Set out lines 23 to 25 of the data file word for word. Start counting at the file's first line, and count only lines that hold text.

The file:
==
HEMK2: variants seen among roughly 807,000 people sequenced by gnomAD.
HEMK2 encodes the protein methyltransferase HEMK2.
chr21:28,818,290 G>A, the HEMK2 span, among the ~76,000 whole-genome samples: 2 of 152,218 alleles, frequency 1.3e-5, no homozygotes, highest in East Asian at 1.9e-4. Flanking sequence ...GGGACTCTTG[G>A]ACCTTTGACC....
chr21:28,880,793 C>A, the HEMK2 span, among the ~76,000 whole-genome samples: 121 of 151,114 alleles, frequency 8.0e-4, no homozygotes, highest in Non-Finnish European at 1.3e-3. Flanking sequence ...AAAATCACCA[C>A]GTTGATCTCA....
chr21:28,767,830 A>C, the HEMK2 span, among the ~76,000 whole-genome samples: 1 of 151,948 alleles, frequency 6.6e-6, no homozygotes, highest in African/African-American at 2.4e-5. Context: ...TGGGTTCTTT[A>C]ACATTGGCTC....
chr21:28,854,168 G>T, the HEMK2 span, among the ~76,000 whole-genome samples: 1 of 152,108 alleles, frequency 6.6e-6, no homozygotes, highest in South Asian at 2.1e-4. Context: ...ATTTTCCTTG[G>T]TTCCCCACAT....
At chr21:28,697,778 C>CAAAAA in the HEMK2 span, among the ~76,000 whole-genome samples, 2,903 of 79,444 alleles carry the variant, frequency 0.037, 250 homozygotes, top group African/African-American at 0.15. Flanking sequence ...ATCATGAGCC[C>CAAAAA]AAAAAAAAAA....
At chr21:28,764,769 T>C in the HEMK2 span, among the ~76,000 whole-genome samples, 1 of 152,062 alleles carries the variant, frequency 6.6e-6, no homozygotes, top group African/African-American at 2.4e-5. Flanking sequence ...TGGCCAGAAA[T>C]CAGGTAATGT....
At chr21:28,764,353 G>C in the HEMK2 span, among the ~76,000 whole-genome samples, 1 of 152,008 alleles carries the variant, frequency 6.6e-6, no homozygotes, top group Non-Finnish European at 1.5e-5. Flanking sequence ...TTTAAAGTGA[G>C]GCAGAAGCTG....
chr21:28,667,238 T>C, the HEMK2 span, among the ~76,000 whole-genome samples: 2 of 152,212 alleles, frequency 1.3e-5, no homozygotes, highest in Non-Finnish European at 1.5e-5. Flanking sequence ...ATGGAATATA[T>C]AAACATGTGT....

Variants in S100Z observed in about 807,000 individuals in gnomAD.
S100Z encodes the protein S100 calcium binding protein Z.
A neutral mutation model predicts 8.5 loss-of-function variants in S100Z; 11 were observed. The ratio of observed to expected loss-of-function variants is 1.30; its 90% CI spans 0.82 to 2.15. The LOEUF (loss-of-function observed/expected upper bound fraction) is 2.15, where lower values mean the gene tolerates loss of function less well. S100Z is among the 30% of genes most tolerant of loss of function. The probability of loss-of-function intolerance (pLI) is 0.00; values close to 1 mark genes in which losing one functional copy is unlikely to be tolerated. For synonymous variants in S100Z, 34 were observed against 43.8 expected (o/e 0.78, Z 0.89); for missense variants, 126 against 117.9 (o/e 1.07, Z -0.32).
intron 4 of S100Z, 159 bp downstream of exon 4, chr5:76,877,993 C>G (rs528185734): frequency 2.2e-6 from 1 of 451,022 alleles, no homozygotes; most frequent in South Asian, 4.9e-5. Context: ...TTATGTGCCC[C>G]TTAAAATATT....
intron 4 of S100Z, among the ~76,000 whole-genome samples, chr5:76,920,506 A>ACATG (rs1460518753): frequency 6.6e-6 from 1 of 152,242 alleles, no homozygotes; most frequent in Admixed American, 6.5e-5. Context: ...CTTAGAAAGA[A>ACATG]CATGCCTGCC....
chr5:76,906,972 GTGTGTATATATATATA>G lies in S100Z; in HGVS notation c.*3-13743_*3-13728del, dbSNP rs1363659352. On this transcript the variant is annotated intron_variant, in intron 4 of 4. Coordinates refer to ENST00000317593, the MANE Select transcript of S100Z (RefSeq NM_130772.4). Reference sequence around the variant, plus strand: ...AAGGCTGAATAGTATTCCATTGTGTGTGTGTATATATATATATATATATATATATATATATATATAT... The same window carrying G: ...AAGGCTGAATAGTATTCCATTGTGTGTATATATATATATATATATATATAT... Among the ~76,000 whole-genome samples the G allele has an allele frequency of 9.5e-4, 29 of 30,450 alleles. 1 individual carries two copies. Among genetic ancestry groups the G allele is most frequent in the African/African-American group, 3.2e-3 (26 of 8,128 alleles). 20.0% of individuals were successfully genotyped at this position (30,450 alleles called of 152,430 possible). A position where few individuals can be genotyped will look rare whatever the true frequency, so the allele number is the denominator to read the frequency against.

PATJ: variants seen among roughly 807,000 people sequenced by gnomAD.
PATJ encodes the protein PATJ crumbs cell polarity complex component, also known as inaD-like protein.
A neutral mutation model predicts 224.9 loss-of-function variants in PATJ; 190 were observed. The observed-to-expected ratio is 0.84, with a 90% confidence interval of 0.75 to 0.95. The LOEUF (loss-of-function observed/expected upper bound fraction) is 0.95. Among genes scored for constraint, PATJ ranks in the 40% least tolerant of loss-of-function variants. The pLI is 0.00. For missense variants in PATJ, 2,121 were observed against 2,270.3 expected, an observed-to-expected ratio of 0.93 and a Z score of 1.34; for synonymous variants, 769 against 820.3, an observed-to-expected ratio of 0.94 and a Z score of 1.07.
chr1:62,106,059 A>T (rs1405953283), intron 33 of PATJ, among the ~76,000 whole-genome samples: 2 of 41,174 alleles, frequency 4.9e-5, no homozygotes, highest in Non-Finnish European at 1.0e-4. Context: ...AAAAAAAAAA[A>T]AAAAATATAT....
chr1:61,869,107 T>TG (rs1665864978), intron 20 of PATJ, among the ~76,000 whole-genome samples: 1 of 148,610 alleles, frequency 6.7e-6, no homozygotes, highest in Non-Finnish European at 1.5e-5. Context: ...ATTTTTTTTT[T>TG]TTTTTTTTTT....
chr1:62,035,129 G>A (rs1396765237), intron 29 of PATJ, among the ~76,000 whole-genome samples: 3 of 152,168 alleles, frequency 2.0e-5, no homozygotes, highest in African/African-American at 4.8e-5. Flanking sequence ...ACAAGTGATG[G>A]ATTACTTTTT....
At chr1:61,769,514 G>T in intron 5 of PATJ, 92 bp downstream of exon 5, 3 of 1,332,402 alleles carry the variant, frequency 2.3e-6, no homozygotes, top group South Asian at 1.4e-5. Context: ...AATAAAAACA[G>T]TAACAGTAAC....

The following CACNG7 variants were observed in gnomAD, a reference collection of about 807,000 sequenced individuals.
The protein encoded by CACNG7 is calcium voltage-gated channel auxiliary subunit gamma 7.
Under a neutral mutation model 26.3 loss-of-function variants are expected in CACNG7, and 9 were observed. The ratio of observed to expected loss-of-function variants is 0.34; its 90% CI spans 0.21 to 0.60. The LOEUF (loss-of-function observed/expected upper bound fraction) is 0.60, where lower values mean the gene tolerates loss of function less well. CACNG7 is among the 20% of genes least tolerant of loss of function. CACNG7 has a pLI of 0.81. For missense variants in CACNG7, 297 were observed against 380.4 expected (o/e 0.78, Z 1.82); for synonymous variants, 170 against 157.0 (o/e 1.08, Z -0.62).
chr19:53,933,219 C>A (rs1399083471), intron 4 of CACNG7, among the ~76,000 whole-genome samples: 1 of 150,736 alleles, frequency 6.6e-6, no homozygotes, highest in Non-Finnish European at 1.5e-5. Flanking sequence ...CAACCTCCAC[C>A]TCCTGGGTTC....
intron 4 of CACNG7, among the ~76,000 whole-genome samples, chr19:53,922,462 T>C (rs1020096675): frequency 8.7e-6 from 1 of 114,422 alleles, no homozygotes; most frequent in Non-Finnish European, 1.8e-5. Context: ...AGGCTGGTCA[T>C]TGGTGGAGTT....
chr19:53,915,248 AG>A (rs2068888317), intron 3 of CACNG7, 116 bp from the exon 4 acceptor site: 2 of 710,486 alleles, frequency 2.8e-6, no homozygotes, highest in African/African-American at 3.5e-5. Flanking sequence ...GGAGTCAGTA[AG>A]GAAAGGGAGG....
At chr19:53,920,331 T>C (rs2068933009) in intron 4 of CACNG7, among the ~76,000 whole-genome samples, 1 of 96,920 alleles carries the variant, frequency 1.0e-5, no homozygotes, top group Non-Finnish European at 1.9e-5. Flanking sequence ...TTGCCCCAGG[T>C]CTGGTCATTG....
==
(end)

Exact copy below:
At chr1:61,769,514 G>T in intron 5 of PATJ, 92 bp downstream of exon 5, 3 of 1,332,402 alleles carry the variant, frequency 2.3e-6, no homozygotes, top group South Asian at 1.4e-5. Context: ...AATAAAAACA[G>T]TAACAGTAAC....

The following CACNG7 variants were observed in gnomAD, a reference collection of about 807,000 sequenced individuals.
The protein encoded by CACNG7 is calcium voltage-gated channel auxiliary subunit gamma 7.